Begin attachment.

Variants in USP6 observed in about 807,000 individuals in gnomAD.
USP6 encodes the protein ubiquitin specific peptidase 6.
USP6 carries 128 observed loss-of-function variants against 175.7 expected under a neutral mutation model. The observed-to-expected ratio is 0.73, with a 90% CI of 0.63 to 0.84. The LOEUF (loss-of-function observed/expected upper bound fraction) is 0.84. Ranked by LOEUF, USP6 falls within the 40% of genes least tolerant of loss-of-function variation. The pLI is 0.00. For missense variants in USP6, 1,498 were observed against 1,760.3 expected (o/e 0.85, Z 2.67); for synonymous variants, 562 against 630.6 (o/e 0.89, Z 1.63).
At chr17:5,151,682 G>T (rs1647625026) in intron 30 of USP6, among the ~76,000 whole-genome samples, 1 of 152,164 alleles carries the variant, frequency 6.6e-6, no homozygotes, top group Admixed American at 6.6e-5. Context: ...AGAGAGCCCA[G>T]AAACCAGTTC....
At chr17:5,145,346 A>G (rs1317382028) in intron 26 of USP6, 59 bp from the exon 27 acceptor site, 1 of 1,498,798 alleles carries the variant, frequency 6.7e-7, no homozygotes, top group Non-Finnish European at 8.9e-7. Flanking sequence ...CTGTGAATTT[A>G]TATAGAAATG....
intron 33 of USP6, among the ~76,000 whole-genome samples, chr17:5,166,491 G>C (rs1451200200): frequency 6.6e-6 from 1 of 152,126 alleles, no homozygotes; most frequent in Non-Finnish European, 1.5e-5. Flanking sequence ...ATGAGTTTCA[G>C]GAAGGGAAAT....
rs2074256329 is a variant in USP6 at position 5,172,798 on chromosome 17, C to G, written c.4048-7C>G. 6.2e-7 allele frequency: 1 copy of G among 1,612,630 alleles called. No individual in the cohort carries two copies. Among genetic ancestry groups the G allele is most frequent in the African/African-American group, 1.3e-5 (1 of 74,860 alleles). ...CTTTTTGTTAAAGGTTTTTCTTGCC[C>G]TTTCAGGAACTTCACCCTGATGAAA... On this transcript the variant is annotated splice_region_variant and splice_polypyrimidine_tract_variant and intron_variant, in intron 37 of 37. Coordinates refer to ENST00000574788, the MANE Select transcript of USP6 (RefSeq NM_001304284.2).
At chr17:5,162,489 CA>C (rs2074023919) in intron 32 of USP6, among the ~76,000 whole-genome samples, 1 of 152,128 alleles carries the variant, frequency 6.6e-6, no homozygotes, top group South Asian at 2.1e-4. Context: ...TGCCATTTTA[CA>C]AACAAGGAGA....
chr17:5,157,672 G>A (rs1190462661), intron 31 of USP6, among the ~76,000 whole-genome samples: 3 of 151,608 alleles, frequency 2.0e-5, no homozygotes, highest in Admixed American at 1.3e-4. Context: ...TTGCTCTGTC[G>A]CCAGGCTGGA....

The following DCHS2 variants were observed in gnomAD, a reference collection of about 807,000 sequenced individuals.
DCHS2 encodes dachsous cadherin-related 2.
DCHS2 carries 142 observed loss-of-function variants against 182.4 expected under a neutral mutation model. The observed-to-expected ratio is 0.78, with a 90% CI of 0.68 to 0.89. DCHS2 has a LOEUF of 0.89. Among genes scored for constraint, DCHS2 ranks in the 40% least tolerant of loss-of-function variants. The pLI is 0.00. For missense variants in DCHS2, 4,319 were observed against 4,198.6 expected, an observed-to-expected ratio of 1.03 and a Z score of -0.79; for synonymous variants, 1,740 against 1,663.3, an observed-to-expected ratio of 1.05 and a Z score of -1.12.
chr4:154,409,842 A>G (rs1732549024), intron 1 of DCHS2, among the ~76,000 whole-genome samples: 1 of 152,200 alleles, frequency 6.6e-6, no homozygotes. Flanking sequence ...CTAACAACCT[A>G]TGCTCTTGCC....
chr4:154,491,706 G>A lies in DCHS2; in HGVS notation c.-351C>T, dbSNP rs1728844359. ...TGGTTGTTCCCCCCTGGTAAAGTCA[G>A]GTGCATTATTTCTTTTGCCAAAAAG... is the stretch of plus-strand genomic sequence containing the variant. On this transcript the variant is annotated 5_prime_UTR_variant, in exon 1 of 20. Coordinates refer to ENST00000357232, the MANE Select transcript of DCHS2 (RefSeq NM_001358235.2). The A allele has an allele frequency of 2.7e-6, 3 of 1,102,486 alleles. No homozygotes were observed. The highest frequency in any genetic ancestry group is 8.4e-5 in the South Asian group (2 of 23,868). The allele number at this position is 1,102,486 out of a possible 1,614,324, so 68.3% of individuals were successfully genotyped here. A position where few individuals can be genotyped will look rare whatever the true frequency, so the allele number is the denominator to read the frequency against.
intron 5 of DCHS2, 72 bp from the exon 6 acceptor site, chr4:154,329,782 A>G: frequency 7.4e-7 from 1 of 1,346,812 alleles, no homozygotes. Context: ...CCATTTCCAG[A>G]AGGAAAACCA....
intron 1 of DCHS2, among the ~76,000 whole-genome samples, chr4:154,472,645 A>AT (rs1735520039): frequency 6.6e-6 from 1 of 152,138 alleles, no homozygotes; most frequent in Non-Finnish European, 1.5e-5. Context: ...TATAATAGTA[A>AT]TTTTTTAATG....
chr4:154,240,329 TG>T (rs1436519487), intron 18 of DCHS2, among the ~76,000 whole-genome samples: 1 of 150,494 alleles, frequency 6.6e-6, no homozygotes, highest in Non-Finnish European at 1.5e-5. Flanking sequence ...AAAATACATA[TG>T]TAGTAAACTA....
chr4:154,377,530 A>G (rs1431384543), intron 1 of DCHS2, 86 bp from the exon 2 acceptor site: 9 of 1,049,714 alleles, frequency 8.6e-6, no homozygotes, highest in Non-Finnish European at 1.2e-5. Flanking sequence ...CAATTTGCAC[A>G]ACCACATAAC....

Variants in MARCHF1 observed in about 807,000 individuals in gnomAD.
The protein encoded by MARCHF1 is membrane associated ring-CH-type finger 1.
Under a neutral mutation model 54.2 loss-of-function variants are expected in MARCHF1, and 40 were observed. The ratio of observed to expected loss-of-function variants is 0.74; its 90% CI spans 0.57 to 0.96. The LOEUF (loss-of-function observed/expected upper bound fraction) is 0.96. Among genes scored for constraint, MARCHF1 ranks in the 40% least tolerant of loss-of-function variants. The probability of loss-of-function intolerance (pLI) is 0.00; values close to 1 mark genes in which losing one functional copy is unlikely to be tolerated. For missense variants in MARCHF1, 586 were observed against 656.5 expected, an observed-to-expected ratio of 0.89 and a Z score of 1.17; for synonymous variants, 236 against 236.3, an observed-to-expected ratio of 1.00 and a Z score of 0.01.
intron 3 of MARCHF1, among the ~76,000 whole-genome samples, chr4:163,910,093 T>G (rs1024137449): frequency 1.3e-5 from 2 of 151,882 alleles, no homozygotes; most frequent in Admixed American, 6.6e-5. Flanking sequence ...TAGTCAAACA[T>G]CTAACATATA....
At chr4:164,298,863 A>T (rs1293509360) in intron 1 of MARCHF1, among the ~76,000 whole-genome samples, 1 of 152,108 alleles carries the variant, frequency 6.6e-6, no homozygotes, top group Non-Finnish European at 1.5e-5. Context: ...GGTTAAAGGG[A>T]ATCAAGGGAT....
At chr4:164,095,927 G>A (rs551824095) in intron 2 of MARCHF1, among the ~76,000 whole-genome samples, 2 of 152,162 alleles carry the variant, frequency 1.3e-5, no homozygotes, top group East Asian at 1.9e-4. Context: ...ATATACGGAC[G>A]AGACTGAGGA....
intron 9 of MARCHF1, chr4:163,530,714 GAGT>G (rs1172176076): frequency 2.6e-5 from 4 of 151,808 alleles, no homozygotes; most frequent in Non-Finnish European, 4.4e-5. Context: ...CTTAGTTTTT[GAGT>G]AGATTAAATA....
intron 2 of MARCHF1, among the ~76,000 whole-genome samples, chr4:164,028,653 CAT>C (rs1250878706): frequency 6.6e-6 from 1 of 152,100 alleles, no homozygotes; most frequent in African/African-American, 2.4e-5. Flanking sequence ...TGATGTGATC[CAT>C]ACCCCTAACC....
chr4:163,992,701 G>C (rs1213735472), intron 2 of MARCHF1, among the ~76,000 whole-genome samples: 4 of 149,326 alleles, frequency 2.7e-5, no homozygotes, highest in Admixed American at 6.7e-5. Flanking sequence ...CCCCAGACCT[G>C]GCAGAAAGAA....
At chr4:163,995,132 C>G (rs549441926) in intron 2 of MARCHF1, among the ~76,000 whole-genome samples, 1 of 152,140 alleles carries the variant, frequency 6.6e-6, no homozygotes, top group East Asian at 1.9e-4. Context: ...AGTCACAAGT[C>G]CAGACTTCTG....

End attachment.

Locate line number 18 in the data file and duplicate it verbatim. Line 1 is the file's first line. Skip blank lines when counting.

chr4:154,377,530 A>G (rs1431384543), intron 1 of DCHS2, 86 bp from the exon 2 acceptor site: 9 of 1,049,714 alleles, frequency 8.6e-6, no homozygotes, highest in Non-Finnish European at 1.2e-5. Flanking sequence ...CAATTTGCAC[A>G]ACCACATAAC....